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Is there a "right way" to define error codes? I mean, I've built a library a while ago that throws custom exceptions, but I targeted the custom error messages to a developer's standpoint. Now I'm wrapping up the GUI and when I catch those exceptions, I need more user friendly messages. That's not a problem in itself, but let's say, I have my ReceiverNotAvailableException exception and NoMessageReceivedException. To me, as a developer, they mean completely different things and have different inner messages, but to the end-user they just mean "User not found". I'd like to display something like "User not found (error X)" where X varies depending on which exception is raised - pretty commonplace if you ask me.

My question is: should I go with X=1, 2 and so forth depending on what kind of exception or should I opt for something more complicated for whatever reason? I know it sounds like a dumb question, but I'd really like to know what the "best practice" (I'm not so fond of the term) is in this case.

BTW, of course I'd have a table mapping each code to its corresponding exception, whichever the case is.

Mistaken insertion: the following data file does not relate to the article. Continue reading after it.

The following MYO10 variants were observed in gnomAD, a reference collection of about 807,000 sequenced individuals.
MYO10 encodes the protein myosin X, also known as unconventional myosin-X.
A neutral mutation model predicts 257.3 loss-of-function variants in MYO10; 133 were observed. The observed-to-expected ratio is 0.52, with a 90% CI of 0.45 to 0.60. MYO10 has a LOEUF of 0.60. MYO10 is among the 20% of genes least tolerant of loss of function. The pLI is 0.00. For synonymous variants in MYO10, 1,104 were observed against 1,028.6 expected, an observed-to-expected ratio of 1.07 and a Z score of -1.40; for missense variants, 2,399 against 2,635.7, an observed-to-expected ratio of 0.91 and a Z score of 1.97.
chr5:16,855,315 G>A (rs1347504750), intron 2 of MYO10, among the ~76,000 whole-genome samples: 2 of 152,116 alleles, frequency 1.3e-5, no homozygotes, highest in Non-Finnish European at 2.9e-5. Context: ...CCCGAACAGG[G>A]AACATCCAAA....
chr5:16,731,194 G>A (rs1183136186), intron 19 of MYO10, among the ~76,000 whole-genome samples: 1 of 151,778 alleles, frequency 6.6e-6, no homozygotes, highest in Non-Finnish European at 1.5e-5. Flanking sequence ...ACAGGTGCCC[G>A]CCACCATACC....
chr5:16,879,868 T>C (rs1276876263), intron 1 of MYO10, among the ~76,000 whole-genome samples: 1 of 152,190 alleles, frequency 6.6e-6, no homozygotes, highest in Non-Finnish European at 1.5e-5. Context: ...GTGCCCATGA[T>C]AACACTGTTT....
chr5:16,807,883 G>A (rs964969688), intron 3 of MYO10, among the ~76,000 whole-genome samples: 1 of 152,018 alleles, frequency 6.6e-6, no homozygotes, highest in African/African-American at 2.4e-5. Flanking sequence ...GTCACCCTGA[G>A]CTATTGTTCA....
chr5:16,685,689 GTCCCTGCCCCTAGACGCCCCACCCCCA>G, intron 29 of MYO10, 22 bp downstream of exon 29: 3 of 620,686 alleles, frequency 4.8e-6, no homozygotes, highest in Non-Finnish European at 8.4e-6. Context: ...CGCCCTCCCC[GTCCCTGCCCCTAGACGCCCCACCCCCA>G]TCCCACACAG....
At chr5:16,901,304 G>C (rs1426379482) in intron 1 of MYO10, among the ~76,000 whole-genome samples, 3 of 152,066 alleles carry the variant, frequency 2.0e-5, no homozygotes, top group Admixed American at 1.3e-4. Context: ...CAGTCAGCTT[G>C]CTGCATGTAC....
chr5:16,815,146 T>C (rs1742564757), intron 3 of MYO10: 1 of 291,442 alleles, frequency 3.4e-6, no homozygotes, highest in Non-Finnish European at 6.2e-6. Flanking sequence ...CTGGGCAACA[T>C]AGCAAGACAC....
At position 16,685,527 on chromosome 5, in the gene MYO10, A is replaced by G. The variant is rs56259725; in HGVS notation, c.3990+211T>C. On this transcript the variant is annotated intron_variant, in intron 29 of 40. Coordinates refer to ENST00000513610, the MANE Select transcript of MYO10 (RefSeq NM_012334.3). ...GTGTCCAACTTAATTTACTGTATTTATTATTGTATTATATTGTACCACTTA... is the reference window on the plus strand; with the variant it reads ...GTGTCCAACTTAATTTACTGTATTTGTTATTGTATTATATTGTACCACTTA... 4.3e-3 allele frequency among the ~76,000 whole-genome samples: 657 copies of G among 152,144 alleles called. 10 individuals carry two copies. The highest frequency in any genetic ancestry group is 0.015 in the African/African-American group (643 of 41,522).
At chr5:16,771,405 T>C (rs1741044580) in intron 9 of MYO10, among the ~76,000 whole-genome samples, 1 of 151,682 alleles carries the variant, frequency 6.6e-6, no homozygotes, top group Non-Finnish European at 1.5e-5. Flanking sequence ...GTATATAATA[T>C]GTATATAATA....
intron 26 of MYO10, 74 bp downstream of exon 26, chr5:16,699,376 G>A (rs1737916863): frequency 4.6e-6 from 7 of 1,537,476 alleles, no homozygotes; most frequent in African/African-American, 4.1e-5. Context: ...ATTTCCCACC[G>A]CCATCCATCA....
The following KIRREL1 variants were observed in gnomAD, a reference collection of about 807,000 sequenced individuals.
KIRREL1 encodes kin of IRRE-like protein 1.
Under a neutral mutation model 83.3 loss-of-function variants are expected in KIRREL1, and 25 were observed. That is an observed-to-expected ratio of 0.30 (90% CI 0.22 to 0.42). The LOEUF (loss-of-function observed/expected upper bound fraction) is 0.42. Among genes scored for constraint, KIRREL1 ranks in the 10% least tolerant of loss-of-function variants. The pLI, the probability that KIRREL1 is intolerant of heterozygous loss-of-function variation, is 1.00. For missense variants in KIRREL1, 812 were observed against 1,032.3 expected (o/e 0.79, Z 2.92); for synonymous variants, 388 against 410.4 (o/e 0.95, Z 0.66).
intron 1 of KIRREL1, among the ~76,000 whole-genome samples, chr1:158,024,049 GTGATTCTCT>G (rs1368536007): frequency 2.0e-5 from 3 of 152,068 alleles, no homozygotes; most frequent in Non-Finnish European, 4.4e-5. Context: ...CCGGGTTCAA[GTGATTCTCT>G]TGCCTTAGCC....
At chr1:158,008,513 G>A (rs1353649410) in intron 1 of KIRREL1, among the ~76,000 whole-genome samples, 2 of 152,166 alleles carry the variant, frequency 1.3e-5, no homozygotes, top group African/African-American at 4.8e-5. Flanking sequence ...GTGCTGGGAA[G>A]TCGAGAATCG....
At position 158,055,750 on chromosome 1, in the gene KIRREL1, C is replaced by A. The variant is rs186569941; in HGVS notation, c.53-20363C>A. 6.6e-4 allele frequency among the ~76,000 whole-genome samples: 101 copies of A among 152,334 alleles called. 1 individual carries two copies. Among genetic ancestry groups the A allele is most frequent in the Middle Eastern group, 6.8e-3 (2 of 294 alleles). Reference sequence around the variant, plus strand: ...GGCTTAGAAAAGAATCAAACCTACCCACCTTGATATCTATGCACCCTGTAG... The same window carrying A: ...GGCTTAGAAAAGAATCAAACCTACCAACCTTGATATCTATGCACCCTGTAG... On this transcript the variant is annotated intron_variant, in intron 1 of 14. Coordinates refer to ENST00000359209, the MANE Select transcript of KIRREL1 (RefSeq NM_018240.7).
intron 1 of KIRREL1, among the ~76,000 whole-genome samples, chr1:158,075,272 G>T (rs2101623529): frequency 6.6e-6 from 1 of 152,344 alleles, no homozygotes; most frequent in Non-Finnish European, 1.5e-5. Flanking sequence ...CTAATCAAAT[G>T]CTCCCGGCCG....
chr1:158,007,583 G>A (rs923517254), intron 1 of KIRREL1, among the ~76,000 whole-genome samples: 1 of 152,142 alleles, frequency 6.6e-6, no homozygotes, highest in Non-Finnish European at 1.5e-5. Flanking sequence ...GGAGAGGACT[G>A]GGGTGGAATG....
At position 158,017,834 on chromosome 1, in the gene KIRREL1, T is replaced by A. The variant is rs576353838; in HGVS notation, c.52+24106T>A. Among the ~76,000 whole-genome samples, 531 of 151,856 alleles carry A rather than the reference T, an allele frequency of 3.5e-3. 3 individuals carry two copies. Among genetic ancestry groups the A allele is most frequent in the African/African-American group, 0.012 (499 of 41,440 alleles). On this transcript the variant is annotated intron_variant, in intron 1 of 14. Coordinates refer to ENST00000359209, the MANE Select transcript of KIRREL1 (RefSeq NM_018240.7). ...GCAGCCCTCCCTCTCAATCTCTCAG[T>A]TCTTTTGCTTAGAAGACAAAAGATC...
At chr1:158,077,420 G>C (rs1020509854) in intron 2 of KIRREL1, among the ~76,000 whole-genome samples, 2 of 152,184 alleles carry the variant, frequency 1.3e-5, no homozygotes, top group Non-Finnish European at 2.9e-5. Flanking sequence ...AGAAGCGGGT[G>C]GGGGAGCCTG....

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1 Answer 1

up vote 3 down vote accepted

If your exceptions can't overlap, then going with a HashTable[ExceptionName] = "Error Message" looks like a sane option. If they can you can use something like the following:

The standard way to define message codes that can overlap (this is, occur at the same time) is to use powers of two:

define ERROR_SYSTEM_DOWN  1
define ERROR_DATABASE_UNREACHABLE 2
define ERROR_SPACE_UNAVAILABLE 4
define ERROR_DISK_DIED 8

and so on. Then, in code you can do

if (disk_died() && no_space()) {
    int errorCode = ERROR_DISK_DIED | ERROR_SPACE_UNAVAIABLE; //Binary or
    return errorCode;
}

Finally, on the receiving end you can:

if (errorCode & ERROR_DISK_DIED == ERROR_DISK_DIED) { //Binary and
    //then, at least, disk died. You can check for the rest in the same way
}

Explanation:

ERROR_SYSTEM_DOWN = 0001
ERROR_DATABASE_UNREACHABLE = 0010
ERROR_SPACE_UNAVAILABLE = 0100
ERROR_DISK_DIED = 1000

Then

1000 | 0100 = 1100

and, on the checking code

1100 & 0100 = 0100

Now, if you are using exceptions you can use the same approach, bubbling up the errorCode as long as exception occur. Although this idiom is more common in C.

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